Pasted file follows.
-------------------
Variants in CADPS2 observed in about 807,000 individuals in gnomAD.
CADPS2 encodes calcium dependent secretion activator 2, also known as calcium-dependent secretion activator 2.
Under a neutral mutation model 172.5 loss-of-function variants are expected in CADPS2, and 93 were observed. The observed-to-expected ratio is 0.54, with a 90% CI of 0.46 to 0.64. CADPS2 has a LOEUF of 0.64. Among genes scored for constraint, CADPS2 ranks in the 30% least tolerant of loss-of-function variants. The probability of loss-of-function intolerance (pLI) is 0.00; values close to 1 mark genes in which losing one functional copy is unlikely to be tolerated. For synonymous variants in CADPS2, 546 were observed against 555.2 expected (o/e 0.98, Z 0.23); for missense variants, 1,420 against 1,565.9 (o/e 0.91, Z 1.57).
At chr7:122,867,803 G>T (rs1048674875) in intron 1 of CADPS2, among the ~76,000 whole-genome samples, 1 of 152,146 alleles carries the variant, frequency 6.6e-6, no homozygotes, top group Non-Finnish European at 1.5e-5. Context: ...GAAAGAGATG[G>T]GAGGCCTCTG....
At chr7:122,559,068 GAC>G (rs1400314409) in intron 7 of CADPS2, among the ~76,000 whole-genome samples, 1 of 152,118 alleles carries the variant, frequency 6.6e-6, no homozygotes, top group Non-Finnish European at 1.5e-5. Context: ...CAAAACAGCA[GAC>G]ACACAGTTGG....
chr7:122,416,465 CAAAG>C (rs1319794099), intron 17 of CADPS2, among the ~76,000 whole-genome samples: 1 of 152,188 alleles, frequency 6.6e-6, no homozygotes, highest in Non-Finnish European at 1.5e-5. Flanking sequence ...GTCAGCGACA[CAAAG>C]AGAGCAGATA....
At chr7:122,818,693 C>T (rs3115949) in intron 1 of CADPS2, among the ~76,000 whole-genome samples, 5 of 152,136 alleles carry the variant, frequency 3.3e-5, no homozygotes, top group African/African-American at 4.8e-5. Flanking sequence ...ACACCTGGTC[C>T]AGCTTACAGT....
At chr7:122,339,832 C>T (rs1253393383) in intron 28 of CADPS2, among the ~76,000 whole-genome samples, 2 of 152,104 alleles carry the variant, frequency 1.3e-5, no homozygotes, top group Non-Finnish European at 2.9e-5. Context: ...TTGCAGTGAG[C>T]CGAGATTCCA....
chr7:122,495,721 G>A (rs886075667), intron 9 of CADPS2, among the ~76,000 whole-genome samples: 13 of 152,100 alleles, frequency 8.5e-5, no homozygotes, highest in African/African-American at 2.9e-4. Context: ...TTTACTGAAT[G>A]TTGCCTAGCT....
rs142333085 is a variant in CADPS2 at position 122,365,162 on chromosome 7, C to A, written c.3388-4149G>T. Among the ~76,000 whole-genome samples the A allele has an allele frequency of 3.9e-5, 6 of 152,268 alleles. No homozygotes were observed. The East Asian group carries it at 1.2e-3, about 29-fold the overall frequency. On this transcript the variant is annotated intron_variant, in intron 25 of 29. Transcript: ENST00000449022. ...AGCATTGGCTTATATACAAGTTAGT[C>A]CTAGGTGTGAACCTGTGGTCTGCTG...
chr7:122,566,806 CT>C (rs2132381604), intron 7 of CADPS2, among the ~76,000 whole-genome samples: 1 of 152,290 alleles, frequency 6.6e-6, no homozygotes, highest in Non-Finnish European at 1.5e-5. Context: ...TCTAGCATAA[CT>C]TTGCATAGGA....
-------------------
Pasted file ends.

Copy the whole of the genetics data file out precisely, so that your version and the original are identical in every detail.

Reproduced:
Variants in CADPS2 observed in about 807,000 individuals in gnomAD.
CADPS2 encodes calcium dependent secretion activator 2, also known as calcium-dependent secretion activator 2.
Under a neutral mutation model 172.5 loss-of-function variants are expected in CADPS2, and 93 were observed. The observed-to-expected ratio is 0.54, with a 90% CI of 0.46 to 0.64. CADPS2 has a LOEUF of 0.64. Among genes scored for constraint, CADPS2 ranks in the 30% least tolerant of loss-of-function variants. The probability of loss-of-function intolerance (pLI) is 0.00; values close to 1 mark genes in which losing one functional copy is unlikely to be tolerated. For synonymous variants in CADPS2, 546 were observed against 555.2 expected (o/e 0.98, Z 0.23); for missense variants, 1,420 against 1,565.9 (o/e 0.91, Z 1.57).
At chr7:122,867,803 G>T (rs1048674875) in intron 1 of CADPS2, among the ~76,000 whole-genome samples, 1 of 152,146 alleles carries the variant, frequency 6.6e-6, no homozygotes, top group Non-Finnish European at 1.5e-5. Context: ...GAAAGAGATG[G>T]GAGGCCTCTG....
At chr7:122,559,068 GAC>G (rs1400314409) in intron 7 of CADPS2, among the ~76,000 whole-genome samples, 1 of 152,118 alleles carries the variant, frequency 6.6e-6, no homozygotes, top group Non-Finnish European at 1.5e-5. Context: ...CAAAACAGCA[GAC>G]ACACAGTTGG....
chr7:122,416,465 CAAAG>C (rs1319794099), intron 17 of CADPS2, among the ~76,000 whole-genome samples: 1 of 152,188 alleles, frequency 6.6e-6, no homozygotes, highest in Non-Finnish European at 1.5e-5. Flanking sequence ...GTCAGCGACA[CAAAG>C]AGAGCAGATA....
At chr7:122,818,693 C>T (rs3115949) in intron 1 of CADPS2, among the ~76,000 whole-genome samples, 5 of 152,136 alleles carry the variant, frequency 3.3e-5, no homozygotes, top group African/African-American at 4.8e-5. Flanking sequence ...ACACCTGGTC[C>T]AGCTTACAGT....
At chr7:122,339,832 C>T (rs1253393383) in intron 28 of CADPS2, among the ~76,000 whole-genome samples, 2 of 152,104 alleles carry the variant, frequency 1.3e-5, no homozygotes, top group Non-Finnish European at 2.9e-5. Context: ...TTGCAGTGAG[C>T]CGAGATTCCA....
chr7:122,495,721 G>A (rs886075667), intron 9 of CADPS2, among the ~76,000 whole-genome samples: 13 of 152,100 alleles, frequency 8.5e-5, no homozygotes, highest in African/African-American at 2.9e-4. Context: ...TTTACTGAAT[G>A]TTGCCTAGCT....
rs142333085 is a variant in CADPS2 at position 122,365,162 on chromosome 7, C to A, written c.3388-4149G>T. Among the ~76,000 whole-genome samples the A allele has an allele frequency of 3.9e-5, 6 of 152,268 alleles. No homozygotes were observed. The East Asian group carries it at 1.2e-3, about 29-fold the overall frequency. On this transcript the variant is annotated intron_variant, in intron 25 of 29. Transcript: ENST00000449022. ...AGCATTGGCTTATATACAAGTTAGT[C>A]CTAGGTGTGAACCTGTGGTCTGCTG...
chr7:122,566,806 CT>C (rs2132381604), intron 7 of CADPS2, among the ~76,000 whole-genome samples: 1 of 152,290 alleles, frequency 6.6e-6, no homozygotes, highest in Non-Finnish European at 1.5e-5. Context: ...TCTAGCATAA[CT>C]TTGCATAGGA....